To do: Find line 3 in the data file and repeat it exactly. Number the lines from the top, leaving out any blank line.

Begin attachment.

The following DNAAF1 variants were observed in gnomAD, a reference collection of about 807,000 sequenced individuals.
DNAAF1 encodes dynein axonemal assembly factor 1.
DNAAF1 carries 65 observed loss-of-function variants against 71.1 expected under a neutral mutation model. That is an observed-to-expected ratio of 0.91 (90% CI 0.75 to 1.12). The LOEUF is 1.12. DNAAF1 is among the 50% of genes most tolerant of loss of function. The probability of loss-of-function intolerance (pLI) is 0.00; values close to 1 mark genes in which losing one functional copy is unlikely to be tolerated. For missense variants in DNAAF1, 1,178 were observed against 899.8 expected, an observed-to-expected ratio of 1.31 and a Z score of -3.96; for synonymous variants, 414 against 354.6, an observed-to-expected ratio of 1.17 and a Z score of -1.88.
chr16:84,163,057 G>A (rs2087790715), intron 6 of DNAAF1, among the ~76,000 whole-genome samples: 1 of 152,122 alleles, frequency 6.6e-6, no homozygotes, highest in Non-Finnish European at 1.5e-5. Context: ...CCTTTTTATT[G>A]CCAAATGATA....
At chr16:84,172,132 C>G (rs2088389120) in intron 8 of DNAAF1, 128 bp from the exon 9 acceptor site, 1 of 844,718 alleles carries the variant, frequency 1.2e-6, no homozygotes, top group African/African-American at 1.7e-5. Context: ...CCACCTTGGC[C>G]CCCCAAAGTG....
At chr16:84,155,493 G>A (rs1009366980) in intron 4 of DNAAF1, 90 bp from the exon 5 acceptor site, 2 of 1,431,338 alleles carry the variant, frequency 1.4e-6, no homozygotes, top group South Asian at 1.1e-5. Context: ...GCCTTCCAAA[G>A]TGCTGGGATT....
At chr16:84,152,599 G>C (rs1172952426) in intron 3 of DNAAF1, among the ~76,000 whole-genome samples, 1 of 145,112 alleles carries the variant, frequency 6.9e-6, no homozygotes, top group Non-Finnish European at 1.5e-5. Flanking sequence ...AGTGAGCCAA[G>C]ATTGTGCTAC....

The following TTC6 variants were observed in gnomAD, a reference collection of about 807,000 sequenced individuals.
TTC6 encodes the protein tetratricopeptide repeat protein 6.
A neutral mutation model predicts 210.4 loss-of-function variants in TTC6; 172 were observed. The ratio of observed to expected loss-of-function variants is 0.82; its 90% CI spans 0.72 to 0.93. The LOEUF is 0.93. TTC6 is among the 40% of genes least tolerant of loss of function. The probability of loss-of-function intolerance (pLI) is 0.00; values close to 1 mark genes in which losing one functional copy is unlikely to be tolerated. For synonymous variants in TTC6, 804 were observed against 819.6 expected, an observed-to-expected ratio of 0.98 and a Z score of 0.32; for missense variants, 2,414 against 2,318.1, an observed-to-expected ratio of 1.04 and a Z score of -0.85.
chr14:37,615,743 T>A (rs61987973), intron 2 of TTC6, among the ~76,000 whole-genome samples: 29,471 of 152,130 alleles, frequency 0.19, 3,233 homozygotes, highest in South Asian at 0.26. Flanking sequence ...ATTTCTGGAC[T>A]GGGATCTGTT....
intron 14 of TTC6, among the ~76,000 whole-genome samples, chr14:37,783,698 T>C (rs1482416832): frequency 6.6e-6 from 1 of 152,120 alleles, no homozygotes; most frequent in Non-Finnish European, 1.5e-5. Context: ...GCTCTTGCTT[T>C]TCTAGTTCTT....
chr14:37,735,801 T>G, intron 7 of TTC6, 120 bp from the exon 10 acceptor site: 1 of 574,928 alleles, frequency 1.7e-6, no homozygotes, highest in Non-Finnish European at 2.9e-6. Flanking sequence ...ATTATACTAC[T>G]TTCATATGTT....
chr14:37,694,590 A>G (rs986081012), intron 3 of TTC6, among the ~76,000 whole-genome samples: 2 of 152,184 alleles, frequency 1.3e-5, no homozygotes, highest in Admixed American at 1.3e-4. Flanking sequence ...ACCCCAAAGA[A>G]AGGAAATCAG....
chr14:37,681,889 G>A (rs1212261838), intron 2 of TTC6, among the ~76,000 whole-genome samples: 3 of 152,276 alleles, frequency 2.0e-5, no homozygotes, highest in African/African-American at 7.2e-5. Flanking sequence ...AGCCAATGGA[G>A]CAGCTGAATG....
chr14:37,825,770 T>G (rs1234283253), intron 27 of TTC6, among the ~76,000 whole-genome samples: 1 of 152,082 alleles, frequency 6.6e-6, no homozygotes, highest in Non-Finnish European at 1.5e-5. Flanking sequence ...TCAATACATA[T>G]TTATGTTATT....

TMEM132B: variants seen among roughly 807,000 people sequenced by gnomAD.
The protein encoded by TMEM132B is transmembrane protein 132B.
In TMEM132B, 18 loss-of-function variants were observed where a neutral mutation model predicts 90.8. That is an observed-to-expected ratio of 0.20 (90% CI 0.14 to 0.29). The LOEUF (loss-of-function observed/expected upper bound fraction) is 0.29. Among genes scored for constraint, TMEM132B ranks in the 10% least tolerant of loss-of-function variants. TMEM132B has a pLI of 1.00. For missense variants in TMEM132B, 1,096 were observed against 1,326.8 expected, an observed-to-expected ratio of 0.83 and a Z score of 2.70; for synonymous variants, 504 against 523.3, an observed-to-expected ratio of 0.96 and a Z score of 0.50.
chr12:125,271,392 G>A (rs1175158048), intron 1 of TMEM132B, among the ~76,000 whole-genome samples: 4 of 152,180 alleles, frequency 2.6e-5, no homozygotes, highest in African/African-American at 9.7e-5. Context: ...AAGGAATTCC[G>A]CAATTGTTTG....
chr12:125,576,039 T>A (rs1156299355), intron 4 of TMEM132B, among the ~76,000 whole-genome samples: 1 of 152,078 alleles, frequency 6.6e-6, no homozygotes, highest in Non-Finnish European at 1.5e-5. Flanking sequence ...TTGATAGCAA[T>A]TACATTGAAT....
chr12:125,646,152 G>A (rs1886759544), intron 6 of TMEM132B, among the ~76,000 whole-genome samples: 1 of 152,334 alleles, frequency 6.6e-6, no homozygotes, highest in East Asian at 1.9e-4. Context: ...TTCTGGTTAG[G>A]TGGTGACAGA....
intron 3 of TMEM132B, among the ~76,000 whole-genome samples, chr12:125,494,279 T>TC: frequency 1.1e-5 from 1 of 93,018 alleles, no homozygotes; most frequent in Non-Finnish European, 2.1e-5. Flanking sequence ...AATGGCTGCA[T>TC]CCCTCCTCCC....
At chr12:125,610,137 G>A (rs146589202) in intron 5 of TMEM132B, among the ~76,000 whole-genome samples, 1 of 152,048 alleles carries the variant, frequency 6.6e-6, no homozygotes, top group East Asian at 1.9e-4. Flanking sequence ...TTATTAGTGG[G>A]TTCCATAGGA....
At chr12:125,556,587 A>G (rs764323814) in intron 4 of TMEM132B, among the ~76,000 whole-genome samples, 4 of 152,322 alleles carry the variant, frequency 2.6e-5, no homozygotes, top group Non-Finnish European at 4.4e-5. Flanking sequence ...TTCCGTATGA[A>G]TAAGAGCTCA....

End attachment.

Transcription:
DNAAF1 carries 65 observed loss-of-function variants against 71.1 expected under a neutral mutation model. That is an observed-to-expected ratio of 0.91 (90% CI 0.75 to 1.12). The LOEUF is 1.12. DNAAF1 is among the 50% of genes most tolerant of loss of function. The probability of loss-of-function intolerance (pLI) is 0.00; values close to 1 mark genes in which losing one functional copy is unlikely to be tolerated. For missense variants in DNAAF1, 1,178 were observed against 899.8 expected, an observed-to-expected ratio of 1.31 and a Z score of -3.96; for synonymous variants, 414 against 354.6, an observed-to-expected ratio of 1.17 and a Z score of -1.88.